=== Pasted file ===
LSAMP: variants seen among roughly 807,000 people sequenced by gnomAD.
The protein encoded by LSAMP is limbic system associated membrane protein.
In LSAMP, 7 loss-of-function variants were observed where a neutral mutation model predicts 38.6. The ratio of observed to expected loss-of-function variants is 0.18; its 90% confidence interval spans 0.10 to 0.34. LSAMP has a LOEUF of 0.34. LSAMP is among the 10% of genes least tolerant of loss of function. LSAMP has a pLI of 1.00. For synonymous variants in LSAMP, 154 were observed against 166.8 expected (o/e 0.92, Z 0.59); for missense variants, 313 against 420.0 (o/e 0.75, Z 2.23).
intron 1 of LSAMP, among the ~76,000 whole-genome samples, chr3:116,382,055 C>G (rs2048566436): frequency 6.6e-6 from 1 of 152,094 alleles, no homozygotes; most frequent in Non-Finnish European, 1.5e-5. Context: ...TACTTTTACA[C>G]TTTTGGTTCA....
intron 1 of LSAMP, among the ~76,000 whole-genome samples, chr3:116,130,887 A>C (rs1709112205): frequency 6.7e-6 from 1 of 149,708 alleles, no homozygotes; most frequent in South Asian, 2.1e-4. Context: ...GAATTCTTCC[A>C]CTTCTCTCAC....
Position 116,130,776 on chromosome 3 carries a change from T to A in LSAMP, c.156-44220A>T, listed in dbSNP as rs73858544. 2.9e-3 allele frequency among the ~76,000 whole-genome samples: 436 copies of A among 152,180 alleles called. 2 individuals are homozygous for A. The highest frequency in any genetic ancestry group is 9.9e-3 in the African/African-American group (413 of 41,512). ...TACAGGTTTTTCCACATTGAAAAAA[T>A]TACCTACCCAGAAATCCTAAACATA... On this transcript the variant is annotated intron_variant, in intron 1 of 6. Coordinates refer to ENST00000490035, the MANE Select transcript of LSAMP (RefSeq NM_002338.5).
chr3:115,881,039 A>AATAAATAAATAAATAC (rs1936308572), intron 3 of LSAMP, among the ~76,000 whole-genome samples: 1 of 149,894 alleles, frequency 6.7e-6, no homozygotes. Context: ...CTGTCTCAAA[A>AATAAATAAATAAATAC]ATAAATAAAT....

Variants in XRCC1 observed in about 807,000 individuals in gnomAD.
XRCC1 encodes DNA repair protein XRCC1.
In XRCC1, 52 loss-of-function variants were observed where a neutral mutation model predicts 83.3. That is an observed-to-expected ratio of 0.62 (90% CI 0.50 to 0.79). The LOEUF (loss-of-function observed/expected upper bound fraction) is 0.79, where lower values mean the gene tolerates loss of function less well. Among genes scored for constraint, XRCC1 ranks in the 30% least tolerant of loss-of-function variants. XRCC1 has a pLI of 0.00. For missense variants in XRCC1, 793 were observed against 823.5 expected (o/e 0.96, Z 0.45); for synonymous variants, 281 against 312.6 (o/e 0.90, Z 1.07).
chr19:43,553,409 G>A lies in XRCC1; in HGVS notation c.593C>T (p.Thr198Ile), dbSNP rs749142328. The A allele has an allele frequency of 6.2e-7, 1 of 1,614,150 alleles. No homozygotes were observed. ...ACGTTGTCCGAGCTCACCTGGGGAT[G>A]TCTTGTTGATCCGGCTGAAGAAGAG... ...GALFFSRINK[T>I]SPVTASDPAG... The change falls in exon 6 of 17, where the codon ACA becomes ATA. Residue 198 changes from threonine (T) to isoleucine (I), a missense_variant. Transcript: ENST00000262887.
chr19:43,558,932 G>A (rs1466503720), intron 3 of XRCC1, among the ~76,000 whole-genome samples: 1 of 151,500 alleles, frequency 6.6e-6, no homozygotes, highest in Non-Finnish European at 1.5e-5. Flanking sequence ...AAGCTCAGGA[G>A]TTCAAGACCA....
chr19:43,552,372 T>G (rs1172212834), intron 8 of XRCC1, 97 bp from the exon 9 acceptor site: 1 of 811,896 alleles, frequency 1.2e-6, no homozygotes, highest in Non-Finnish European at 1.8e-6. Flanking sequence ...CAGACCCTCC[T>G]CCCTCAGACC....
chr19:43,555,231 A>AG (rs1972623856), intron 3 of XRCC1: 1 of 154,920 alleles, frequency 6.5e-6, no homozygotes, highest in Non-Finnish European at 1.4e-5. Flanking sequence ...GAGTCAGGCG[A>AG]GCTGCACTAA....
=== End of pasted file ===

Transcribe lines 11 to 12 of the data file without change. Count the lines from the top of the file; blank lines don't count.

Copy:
chr19:43,553,409 G>A lies in XRCC1; in HGVS notation c.593C>T (p.Thr198Ile), dbSNP rs749142328. The A allele has an allele frequency of 6.2e-7, 1 of 1,614,150 alleles. No homozygotes were observed. ...ACGTTGTCCGAGCTCACCTGGGGAT[G>A]TCTTGTTGATCCGGCTGAAGAAGAG... ...GALFFSRINK[T>I]SPVTASDPAG... The change falls in exon 6 of 17, where the codon ACA becomes ATA. Residue 198 changes from threonine (T) to isoleucine (I), a missense_variant. Transcript: ENST00000262887.
chr19:43,558,932 G>A (rs1466503720), intron 3 of XRCC1, among the ~76,000 whole-genome samples: 1 of 151,500 alleles, frequency 6.6e-6, no homozygotes, highest in Non-Finnish European at 1.5e-5. Flanking sequence ...AAGCTCAGGA[G>A]TTCAAGACCA....